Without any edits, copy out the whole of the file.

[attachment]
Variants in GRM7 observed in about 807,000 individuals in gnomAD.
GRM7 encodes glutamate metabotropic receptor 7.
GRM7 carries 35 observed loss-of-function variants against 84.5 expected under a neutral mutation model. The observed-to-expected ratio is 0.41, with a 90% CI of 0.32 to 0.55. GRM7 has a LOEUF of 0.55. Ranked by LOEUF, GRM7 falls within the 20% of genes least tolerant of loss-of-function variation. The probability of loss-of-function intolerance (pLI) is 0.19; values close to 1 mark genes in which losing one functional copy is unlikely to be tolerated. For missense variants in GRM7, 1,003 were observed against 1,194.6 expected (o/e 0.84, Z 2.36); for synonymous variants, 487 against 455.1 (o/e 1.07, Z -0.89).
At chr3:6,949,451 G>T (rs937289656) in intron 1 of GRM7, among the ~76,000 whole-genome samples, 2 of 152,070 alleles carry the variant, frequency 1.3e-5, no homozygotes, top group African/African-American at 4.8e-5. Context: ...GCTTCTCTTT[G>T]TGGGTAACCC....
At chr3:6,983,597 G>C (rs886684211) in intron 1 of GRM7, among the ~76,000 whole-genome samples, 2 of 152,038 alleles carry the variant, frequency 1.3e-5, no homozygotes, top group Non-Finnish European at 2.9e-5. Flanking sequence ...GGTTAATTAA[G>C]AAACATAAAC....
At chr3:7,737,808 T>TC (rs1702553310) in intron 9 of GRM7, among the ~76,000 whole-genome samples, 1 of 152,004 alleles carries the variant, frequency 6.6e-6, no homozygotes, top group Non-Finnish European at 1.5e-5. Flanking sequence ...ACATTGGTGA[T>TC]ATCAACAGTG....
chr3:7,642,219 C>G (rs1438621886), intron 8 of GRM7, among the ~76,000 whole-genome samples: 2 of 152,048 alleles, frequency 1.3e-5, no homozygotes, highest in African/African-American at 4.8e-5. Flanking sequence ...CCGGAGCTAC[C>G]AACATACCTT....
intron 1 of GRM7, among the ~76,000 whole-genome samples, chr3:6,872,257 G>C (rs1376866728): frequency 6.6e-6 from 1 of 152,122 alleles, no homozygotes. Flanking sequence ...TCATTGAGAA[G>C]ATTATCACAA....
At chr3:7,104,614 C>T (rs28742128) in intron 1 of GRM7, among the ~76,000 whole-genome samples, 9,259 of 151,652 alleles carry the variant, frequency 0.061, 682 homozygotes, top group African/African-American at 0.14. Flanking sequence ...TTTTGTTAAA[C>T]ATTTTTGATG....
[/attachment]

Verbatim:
Variants in GRM7 observed in about 807,000 individuals in gnomAD.
GRM7 encodes glutamate metabotropic receptor 7.
GRM7 carries 35 observed loss-of-function variants against 84.5 expected under a neutral mutation model. The observed-to-expected ratio is 0.41, with a 90% CI of 0.32 to 0.55. GRM7 has a LOEUF of 0.55. Ranked by LOEUF, GRM7 falls within the 20% of genes least tolerant of loss-of-function variation. The probability of loss-of-function intolerance (pLI) is 0.19; values close to 1 mark genes in which losing one functional copy is unlikely to be tolerated. For missense variants in GRM7, 1,003 were observed against 1,194.6 expected (o/e 0.84, Z 2.36); for synonymous variants, 487 against 455.1 (o/e 1.07, Z -0.89).
At chr3:6,949,451 G>T (rs937289656) in intron 1 of GRM7, among the ~76,000 whole-genome samples, 2 of 152,070 alleles carry the variant, frequency 1.3e-5, no homozygotes, top group African/African-American at 4.8e-5. Context: ...GCTTCTCTTT[G>T]TGGGTAACCC....
At chr3:6,983,597 G>C (rs886684211) in intron 1 of GRM7, among the ~76,000 whole-genome samples, 2 of 152,038 alleles carry the variant, frequency 1.3e-5, no homozygotes, top group Non-Finnish European at 2.9e-5. Flanking sequence ...GGTTAATTAA[G>C]AAACATAAAC....
At chr3:7,737,808 T>TC (rs1702553310) in intron 9 of GRM7, among the ~76,000 whole-genome samples, 1 of 152,004 alleles carries the variant, frequency 6.6e-6, no homozygotes, top group Non-Finnish European at 1.5e-5. Flanking sequence ...ACATTGGTGA[T>TC]ATCAACAGTG....
chr3:7,642,219 C>G (rs1438621886), intron 8 of GRM7, among the ~76,000 whole-genome samples: 2 of 152,048 alleles, frequency 1.3e-5, no homozygotes, highest in African/African-American at 4.8e-5. Flanking sequence ...CCGGAGCTAC[C>G]AACATACCTT....
intron 1 of GRM7, among the ~76,000 whole-genome samples, chr3:6,872,257 G>C (rs1376866728): frequency 6.6e-6 from 1 of 152,122 alleles, no homozygotes. Flanking sequence ...TCATTGAGAA[G>C]ATTATCACAA....
At chr3:7,104,614 C>T (rs28742128) in intron 1 of GRM7, among the ~76,000 whole-genome samples, 9,259 of 151,652 alleles carry the variant, frequency 0.061, 682 homozygotes, top group African/African-American at 0.14. Flanking sequence ...TTTTGTTAAA[C>T]ATTTTTGATG....